Some known facts about SSH (Shelah's Strong Hypothesis):

i) "$0^\sharp$ does not exist" implies SSH.

ii) SSH implies SCH (Singular Cardinal Hypothesis).

iii) The failure of SCH is equiconsistent with $\exists \kappa (o(\kappa) = \kappa^{++})$.

What else is known about the consistency strength of the failure of SSH?


Theorem. The following are equiconsistent:

1) SSH fails at some singular cardinal $\kappa>2^{\aleph_0}$,

2) there is a measurable cardinal $\kappa$ with $o(\kappa)=\kappa^{++}.$

The theorem follows from the following observations:

a) (Gitik) Suppose there is no inner model with a measurable cardinal $\kappa$ with $o(\kappa)=\kappa^{++}.$ Then for any singular cardinal $\kappa>2^{\aleph_0}, pp(\kappa)=\kappa^+.$

b) (Shelah) Let $\kappa$ be the least cardinal violating SCH. Then $\kappa$ has cofinality $\omega$ and $pp(\kappa) >\kappa^+.$


Shelah's strong hypothesis is that $\mathrm{pp}(\lambda)=\lambda^+$ for all singular cardinals $\lambda$. (For a quick review of the different pcf-theoretic assumptions in the neighborhood of SSH, see here.)

As pointed out by Mohammad, the failure of SSH (past the continuum) is equiconsistent with $o(\kappa)=\kappa^{++}$. This fits naturally with the thesis advanced in Cardinal arithmetic, section II.2, and is addressed explicitly in Gitik's original paper on the strength of SCH,

Moti Gitik. The strength of the failure of the singular cardinal hypothesis, Ann. Pure Appl. Logic, 51 (3), (1991), 215–240. MR1098782 (92f:03060).

Indeed, the main result of the paper is stated in terms of $\mathrm{pp}$ rather than $\mathsf{SCH}$:

Main theorem. Assume that $\lnot(\exists\alpha\,o(\alpha)=\alpha^{++})$. Let $\kappa>2^{\aleph_0}$ be a singular cardinal. Then $\mathrm{pp}(\kappa)=\kappa^+$.

Note that (as explained in the paper) what Gitik really means by $\lnot(\exists\alpha\,o(\alpha)=\alpha^{++})$ is that the core model $K$ exists, and that, in $K$, no $\alpha$ has Mitchell order $\alpha^{++}$.

See also the introduction to [Sh400] (Chapter IX in the book), where the history of this result is recalled:

Lately Gitik [Gi1] continuing works of Magidor [Mg] and Woodin, show[ed] $\mathsf{ZFC} + o(\kappa) =\kappa^{++}$ is an upper bound for consistency strength of "cardinal arithmetic non-trivial". Earlier Mitchell proved $$ ZFC + \kappa=\bigcup_{n<\omega}\kappa_n\ \&\ o(\kappa_{n+ l}) > \kappa_n $$ is a lower bound. When Mitchell visited Jerusalem he tried to convince me to get a complimentary consistency result (probably to show he is right) and I tried to convince him to show that the consistency strength of $\mathrm{pp}(\lambda) > \lambda^+\ \&\ (\lambda$ singular$)$ is $o(\kappa) =\kappa^{++}$ [...] (to show that I was right in [Sh-b, XIII,95,96)]); but it all comes to nothing. Also Gitik was not convinced and forgot it. But in Spring '89 he succeeded to get $o(\kappa) =\kappa^{++}$ as lower bound, for a closed but distinct problem; in his proof he was cornered to use $\mathrm{pp}(\lambda) > \lambda^+$ and $(\forall\mu<\lambda)\mu^{\aleph_0}<\lambda,\mathrm{cf}(\mu)=\aleph_0$.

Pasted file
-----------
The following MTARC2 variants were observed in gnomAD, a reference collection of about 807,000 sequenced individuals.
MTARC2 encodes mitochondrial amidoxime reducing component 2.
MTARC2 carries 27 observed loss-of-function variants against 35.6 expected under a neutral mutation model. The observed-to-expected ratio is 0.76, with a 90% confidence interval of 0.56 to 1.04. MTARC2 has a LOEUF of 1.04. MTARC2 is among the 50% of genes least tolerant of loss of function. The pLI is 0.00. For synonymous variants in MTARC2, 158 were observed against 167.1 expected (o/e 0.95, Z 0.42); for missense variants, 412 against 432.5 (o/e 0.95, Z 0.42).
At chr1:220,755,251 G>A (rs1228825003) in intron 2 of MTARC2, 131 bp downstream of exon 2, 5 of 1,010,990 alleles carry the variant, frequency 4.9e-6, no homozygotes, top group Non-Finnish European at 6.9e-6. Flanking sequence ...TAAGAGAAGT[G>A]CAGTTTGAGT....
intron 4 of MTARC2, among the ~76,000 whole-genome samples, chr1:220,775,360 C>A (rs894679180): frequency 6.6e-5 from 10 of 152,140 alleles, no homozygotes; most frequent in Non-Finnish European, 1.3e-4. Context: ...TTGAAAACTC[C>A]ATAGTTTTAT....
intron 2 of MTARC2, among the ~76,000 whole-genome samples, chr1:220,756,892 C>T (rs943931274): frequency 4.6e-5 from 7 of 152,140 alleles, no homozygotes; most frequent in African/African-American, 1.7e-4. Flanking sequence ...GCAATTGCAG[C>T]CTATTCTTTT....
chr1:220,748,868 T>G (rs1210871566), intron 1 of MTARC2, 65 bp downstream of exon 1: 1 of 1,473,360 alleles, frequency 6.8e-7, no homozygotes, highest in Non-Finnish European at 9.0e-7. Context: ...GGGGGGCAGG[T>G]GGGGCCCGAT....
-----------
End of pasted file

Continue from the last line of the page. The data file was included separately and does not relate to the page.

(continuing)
The main recent news with respect to Shelah's pcf hypotheses is that Gitik announced around Summer 2011 that it is consistent to have a progressive set of cardinals $\mathfrak a$ with $|\mathrm{pcf}(\mathfrak a)|>|\mathfrak a|$. A preprint can be found at Gitik's page, as

Moti Gitik. Short extenders forcing. II, preprint, July 24, 2013.

That this is impossible is a consequence of SSH, and Gitik (perhaps surprisingly) shows that it can be violated from assumptions at the level of strong cardinals. The specific result is the consistency of the existence of a countable $\mathfrak a$ with $\mathrm{pcf}(\mathfrak a)$ of order type $\omega_1+1$. The assumption required for this is below one strong cardinal (but we need a sequence of cardinals with some -significant- degree of strongness). This also violates Shelah's Weak Hypothesis, as discussed here.

Beyond this, certain specific violations of this statement would require at least the strength of Projective Determinacy (and really, the expectation is that much more is needed, if at all possible). See

Moti Gitik, Ralf Schindler, and Saharon Shelah. Pcf theory and Woodin cardinals, in Logic Colloquium '02, Zoé Chatzidakis, Peter Koepke, and Wolfram Pohlers, eds., Lecture Notes in Logic, 27, Assoc. Symbol. Logic, La Jolla, CA, 2006, pp. 172-205.


Additional informations from

Pierre Matet. Large cardinals and covering numbers, Fundamenta Mathematicae 205 (2009), 45-75. doi:10.4064/fm205-1-3

on the first page:

And, as Moti Gitik pointed out to the author, one obtains a model of "$u (\omega_1 , \omega_{\omega}) > {\omega_{\omega}}^+$ (and hence $\neg$SSH) + SCH" by adding $\aleph_{\omega + 1}$ Cohen reals to a model of "for every infinite cardinal $\nu$, $2^{\nu}$ equals $\nu^{++}$ if $\nu = \omega_{\omega}$, and $\nu^+$ otherwise".


It is not known whether the failure of SSH is equiconsistent with that of SCH.

  • 1
    $\begingroup$ Yes, it is a curious phenomenon, that small cardinals (usually, $\mathfrak c$) end up being the ones difficult to treat sometimes. Other examples of this are the covering properties studied by Viale here (see lemma 6), or the lower bounds for $\lnot\square(\kappa)+\lnot\square_\kappa$ as studied here (see theorem 0.3). $\endgroup$ – Andrés E. Caicedo Nov 18 '13 at 19:46

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